With a blanket ban on AGPs in NHS dental practices continuing throughout the summer, dentists became increasingly frustrated with their inability to help patients. In light of this, private dentistry veered away from the CDO's remobilisation plan and began to provide AGPs on an independent basis. This two tier system attracted a lot of attention from the media and led to much debate over the moral dilemma this raises. It is not difficult to see why a great many patients were complaining about the perceived lack of access to NHS care or being 'forced' into private treatment.
What sorts of challenges have you experienced on a personal level, rather than professionally?
There was a significant period of uncertainty where dental teams did not know what financial support was coming down the pipeline, if any. The threat of staff redundancies, associate percentage cuts and practice closures felt very real and certainly raised my anxiety levels. The notion that I might not have been able to pay my bills was extremely worrying and it was hard not to think about anything else in the first weeks of lockdown. Thankfully I was able to benefit from the NHS financial support measures, which relieved some of the stress.
Everyone has been incredibly understanding and supportive of one another throughout this crisis.
What have you found most difficult aspects of returning to dentistry during the pandemic?
The return to more routine dentistry has actually been a welcome dose of normality. Aside from the enhanced PPE, lifting a handpiece feels very much like riding a bike. What I have found really difficult is keeping up with the advice and guidance. It felt like almost every day there was a new communication from one body of opinion or another, necessitating constant changes to procedures and protocols at the practice level. I think it is really important that every practice has someone charged with monitoring the guidance who can keep the whole team up to date with the key information.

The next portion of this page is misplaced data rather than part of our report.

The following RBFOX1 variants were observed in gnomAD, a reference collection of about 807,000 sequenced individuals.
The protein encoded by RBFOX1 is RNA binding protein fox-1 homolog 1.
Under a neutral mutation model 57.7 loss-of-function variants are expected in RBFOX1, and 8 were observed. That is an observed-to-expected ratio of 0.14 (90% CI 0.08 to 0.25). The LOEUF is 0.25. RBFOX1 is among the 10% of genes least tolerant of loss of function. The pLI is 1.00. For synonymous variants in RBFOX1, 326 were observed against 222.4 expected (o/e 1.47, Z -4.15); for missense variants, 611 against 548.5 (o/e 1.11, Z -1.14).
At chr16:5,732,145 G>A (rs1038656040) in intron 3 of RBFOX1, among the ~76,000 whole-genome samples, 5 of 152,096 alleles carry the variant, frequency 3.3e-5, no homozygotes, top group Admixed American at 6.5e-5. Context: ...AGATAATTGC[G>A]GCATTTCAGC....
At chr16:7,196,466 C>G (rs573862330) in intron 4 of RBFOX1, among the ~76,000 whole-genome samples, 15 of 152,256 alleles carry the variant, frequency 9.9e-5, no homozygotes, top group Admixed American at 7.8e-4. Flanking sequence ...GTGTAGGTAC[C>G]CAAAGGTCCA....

I've been very careful to carry out a risk assessment for every procedure I undertook during this time. I tried to involve the patient in every decision to treat, documenting the justifications and mapping decisions to the relevant guidance. Unfortunately, I feel like I now spend more time triaging, risk assessing and record keeping than actually seeing patients.
What are your thoughts for the future?
Now that multiple vaccines are being rolled out there is some light at the end of the tunnel. Unfortunately, due to the sheer scale of the vaccine programme and the time it will take to deliver, it is quite clear that many of the restrictions on how we practice dentistry will have to remain in place until the pandemic is under control.
The cumulative impact these delays and restrictions will have on patients' dental health is of great concern to me. Realistically, it might be more than a year before we have cleared the backlog of outstanding treatment. This means the majority of my patients might go unseen for over 18 months. I dread to think what horrors my once-stable patients might present with.
Nonetheless, I'm heartened by the resolve shown by my colleagues and patients alike. Everyone has been incredibly understanding and supportive of one another throughout this crisis. I was particularly impressed by the enthusiasm shown by this year's cohort of vocational trainees during the recruitment process. The optimism was, for lack of a more fitting word, infectious.